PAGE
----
Korean Adoptions to the United States, 2001-2005
(United States Department of Immigration Statistics, 2005)
Korean adoptees have created associations in many countries. Some of these associations are members of the International Korean Adoptee Associations (website ), officially created in 2004 as a network for the different associations.
These associations are members of the IKAA :
- Adopted Koreans' Association (Sweden) (website )
- AKConnection (Minnesota, US) website )
- Also-Known-As, Inc. (New York, US) (website )
- Arierang (The Netherlands) (website )
- Asian Adult Adoptees of Washington (Washington, US) (website )
- Forum for Korean Adoptees (Norway) (website )
- Korea Klubben (Denmark) (website )
- Racines Coreennes (France) (website )
Other adoptee associations:
- Association of Korean Adoptees-San Francisco (AKA-SF) (website )
- Global Overseas Adoptees' Link (Korea) (website )
- Boston Korean Adoptees (Boston, MA, USA) (website )
- Dongari (Switzerland) (website )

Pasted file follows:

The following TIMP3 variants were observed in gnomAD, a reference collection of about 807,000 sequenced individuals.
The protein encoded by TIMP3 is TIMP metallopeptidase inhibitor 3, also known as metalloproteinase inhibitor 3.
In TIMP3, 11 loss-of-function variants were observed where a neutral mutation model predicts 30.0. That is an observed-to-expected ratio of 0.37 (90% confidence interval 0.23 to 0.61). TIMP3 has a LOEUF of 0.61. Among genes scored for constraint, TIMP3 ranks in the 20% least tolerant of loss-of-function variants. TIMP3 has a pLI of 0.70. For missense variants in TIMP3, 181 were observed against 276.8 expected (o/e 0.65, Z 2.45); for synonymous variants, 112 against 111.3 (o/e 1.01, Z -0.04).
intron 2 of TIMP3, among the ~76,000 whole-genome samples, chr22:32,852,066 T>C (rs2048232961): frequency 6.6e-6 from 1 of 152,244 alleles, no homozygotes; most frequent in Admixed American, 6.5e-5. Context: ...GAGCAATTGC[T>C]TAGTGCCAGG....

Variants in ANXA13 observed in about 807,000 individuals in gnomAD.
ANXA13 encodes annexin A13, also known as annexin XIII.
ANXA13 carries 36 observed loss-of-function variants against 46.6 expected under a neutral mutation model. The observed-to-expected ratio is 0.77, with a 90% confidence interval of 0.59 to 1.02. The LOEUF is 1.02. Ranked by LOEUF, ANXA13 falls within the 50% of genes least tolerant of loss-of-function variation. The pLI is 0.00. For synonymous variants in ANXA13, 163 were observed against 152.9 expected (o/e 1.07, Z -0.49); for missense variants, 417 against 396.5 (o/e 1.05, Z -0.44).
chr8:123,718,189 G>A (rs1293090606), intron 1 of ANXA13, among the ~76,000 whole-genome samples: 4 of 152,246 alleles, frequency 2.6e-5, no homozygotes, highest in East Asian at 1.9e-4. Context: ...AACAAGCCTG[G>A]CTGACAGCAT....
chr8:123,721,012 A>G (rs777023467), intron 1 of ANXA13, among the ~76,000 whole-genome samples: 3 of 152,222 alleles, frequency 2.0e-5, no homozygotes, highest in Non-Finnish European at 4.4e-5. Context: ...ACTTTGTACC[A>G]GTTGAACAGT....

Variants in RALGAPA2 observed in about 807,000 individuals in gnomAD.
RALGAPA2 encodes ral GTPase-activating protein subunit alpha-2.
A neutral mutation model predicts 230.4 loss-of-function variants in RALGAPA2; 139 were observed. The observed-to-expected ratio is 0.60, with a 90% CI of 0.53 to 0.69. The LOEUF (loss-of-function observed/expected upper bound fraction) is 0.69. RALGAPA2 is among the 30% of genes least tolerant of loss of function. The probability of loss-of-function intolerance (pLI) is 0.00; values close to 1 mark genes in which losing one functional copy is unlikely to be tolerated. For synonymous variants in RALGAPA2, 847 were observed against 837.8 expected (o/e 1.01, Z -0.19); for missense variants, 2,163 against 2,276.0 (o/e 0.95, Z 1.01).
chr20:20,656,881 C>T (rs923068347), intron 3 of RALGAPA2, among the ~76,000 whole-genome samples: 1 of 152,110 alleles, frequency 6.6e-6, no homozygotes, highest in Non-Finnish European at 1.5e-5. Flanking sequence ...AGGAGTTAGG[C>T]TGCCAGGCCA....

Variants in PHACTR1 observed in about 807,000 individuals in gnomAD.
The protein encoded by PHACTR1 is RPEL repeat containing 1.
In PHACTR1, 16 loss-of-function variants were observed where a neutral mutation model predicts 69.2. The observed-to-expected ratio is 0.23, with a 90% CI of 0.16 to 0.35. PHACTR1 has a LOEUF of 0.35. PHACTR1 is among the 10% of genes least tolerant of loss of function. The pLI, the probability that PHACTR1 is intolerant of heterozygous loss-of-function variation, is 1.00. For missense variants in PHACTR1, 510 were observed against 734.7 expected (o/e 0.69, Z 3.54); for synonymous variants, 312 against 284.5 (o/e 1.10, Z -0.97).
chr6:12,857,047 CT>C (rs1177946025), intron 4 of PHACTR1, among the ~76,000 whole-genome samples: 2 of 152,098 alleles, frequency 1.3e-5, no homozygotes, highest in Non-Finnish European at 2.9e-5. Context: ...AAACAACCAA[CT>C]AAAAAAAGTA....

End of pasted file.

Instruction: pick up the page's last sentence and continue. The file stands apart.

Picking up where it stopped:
- Kimchi (Switzerland) (website )
- Korean Adoptees in Australia (https://www.facebook.com/groups/167804436626538/)
- Korean Canadian Children's Association (Canada) (website )
- Me and Korea (US) (website )
Recent Developments between US and South Korea
International Korean adoption is constantly changing. The government requires all overseas adoptions to the U.S to be processed through an agency. These agencies are given certain quotas that are being reduced each year. Once the quota is reached, the agency is no longer able to submit emigration applications to the Korean government on behalf of a specific child. Other requirements for U.S citizens to adopt from South Korea include an age range (25-44), must be married and have above the national level of income and, in addition, cannot have more than five children (including the child to be adopted). These requirements are all in place because the South Korean government is trying to promote inner-country adoption rather than overseas .